Arsenic Pollution And Its Detoxification Potential Of Marine | 45064
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Arsenic Pollution And Its Detoxification Potential Of Marine Bacteria Isolated From Alang-Sosiya Ship Breaking Yard, India


Devang Bharatkumar Khambholja1,2 and Kiran Kalia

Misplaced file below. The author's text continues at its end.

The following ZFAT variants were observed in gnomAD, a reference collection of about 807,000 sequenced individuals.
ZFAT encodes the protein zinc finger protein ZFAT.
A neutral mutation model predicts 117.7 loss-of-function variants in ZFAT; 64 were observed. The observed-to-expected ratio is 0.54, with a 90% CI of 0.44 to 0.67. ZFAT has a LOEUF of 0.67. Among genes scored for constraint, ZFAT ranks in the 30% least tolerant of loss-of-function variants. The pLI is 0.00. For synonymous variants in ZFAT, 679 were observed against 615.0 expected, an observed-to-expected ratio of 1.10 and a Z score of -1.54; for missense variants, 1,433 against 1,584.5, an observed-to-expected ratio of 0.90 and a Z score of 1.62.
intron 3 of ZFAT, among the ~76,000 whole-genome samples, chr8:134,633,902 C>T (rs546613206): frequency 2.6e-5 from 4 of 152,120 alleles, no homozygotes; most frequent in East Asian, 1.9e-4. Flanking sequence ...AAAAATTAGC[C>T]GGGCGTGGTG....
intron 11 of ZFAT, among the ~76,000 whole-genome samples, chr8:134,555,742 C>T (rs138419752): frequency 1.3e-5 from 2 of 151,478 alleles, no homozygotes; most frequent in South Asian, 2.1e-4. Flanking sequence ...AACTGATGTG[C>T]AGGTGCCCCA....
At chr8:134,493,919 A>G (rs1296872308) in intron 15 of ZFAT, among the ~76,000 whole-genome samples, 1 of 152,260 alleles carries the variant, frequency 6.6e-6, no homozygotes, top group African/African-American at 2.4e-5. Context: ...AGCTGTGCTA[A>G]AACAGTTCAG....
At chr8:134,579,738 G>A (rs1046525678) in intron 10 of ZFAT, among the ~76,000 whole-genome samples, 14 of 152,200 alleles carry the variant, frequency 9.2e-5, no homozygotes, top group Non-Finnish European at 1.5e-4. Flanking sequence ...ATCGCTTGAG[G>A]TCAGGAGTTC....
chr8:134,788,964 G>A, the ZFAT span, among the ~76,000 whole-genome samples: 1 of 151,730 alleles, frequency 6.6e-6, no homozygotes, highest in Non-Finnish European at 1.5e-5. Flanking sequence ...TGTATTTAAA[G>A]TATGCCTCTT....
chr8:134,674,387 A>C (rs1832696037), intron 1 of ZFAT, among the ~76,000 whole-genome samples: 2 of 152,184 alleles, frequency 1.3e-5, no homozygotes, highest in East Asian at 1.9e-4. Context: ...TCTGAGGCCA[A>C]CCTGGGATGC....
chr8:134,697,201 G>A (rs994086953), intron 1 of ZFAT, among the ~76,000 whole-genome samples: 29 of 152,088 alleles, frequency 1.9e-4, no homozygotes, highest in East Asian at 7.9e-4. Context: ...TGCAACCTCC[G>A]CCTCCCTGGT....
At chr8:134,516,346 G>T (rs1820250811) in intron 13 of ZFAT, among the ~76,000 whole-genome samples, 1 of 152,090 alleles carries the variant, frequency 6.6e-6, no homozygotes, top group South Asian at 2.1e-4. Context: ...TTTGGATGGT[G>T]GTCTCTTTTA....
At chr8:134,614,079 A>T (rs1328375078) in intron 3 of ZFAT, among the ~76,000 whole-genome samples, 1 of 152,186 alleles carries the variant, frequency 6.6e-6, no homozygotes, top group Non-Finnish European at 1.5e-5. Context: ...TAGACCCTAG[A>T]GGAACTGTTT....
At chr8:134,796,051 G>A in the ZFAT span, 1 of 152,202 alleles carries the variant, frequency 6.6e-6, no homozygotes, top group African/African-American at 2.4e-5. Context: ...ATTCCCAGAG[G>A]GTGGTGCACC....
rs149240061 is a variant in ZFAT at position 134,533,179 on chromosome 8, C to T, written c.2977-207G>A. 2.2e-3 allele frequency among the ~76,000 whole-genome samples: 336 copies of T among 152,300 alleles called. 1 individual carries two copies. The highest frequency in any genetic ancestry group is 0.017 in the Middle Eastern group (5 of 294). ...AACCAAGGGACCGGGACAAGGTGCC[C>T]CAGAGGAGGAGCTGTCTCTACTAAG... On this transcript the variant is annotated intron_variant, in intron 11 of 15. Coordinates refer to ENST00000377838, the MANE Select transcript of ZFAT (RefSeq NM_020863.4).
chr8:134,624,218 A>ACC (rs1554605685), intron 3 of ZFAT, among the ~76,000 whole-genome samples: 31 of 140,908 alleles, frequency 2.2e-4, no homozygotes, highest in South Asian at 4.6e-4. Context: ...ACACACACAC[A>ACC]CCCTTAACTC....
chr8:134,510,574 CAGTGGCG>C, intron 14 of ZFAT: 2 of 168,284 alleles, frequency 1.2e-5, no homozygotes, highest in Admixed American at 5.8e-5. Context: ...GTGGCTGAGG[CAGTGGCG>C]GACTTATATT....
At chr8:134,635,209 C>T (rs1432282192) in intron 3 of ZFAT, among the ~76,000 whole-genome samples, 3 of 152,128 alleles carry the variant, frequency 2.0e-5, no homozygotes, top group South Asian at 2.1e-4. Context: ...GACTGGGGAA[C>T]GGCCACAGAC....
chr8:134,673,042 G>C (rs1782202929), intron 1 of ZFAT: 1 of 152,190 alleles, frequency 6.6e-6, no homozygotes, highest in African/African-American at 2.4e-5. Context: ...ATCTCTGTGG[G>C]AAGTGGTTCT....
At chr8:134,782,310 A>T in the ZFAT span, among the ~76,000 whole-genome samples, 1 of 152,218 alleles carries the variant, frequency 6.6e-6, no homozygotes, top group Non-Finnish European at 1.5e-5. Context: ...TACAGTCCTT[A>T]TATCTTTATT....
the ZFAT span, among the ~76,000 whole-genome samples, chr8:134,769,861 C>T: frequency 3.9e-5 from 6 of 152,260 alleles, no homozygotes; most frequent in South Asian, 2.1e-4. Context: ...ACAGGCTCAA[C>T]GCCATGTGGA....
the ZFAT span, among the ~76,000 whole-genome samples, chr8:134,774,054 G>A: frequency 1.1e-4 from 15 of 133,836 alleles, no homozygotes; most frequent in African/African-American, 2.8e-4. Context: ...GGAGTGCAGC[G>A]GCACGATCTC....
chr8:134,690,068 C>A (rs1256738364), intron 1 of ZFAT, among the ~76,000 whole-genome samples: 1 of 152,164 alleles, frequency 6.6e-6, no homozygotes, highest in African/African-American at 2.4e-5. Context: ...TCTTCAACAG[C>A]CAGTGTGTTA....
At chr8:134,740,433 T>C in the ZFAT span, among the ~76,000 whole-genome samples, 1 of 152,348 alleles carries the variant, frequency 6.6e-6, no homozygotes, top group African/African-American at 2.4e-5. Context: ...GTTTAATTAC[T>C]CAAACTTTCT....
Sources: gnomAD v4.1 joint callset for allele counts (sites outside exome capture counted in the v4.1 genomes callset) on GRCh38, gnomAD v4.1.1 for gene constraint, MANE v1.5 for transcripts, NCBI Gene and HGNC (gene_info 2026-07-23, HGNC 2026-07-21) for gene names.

Coastal environments worldwide are threatened by the consequences of pollution, a risk particularly high in semienclosed basins just like the Mediterranean that's poorly studied from bioremediation potential perspective especially within the Southern coast. Here, we investigated the physical, chemical, and microbiological features of hydrocarbon and heavy metals contaminated sediments collected at El-Max bay (Egypt). Molecular and statistical approaches assessing the structure of the sediment-dwelling bacterial communities showed correlations between the composition of bacterial assemblages and therefore the associated environmental parameters. Fifty strains were isolated on mineral media supplemented by 1% petroleum and identified as a various range of hydrocarbon-degrading bacteria involved in several successional stages of biodegradation. We screened the gathering for biotechnological potential studying biosurfactant production, biofilm formation, and therefore the capability to utilize different hydrocarbons. Some strains were ready to grow on multiple hydrocarbons as unique carbon source and presented biosurfactant-like activities and/or capacity to make biofilm and owned genes involved in several detoxification/degradation processes. El-Max sediments represent a promising reservoir of novel bacterial strains adapted to high hydrocarbon contamination loads. The potential of the strains for exploitation for in place intervention to combat pollution in coastal areas is discussed.The Mediterranean is exposed to a high risk of pollution by petroleum hydrocarbons (HC), thanks to the presence of tens of web sites associated with their extraction, refinery, and transport along its coastline [1]. This risk is exacerbated by several factors, including the semienclosed nature of this sea and therefore the geographical location of most of the oil-producing and oil-consuming countries, placed, respectively, on the Southern and Northern sides of the basin, entailing the presence of pipeline terminal and oiler traffic. A recent analysis of the papers published within the last years about the microbiology of coastal and open-sea sites within the Mediterranean clearly showed that the Southern side of the basin has been largely neglected [2] although it hosts several polluted areas along its coasts, like El-Max district area (Alexandria, Egypt). thanks to the various industrial activities, the disposal of untreated waste effluents, and therefore the shipping activities, El-Max bay may be a coastal site chronically contaminated by petroleum and heavy metals [3] whose clean-up represents a challenge for the Egyptian country and for the whole research community. petroleum may be a mixture of organic compounds which will contain up to 20000 chemicals and it's hardly removable from polluted ecosystems by traditional methods [4]. Bioremediation is an alternate to physical and chemical methods and takes advantage of the aptitude of certain microbes to degrade HC, buffering the effect of oil pollution in natural ecosystems. Bioremediation are often achieved by adding nutrients to the autochthonous biodegrading microbes (biostimulation) or adding a microorganism’s inoculum within the polluted environment (bioaugmentation). The successfulness

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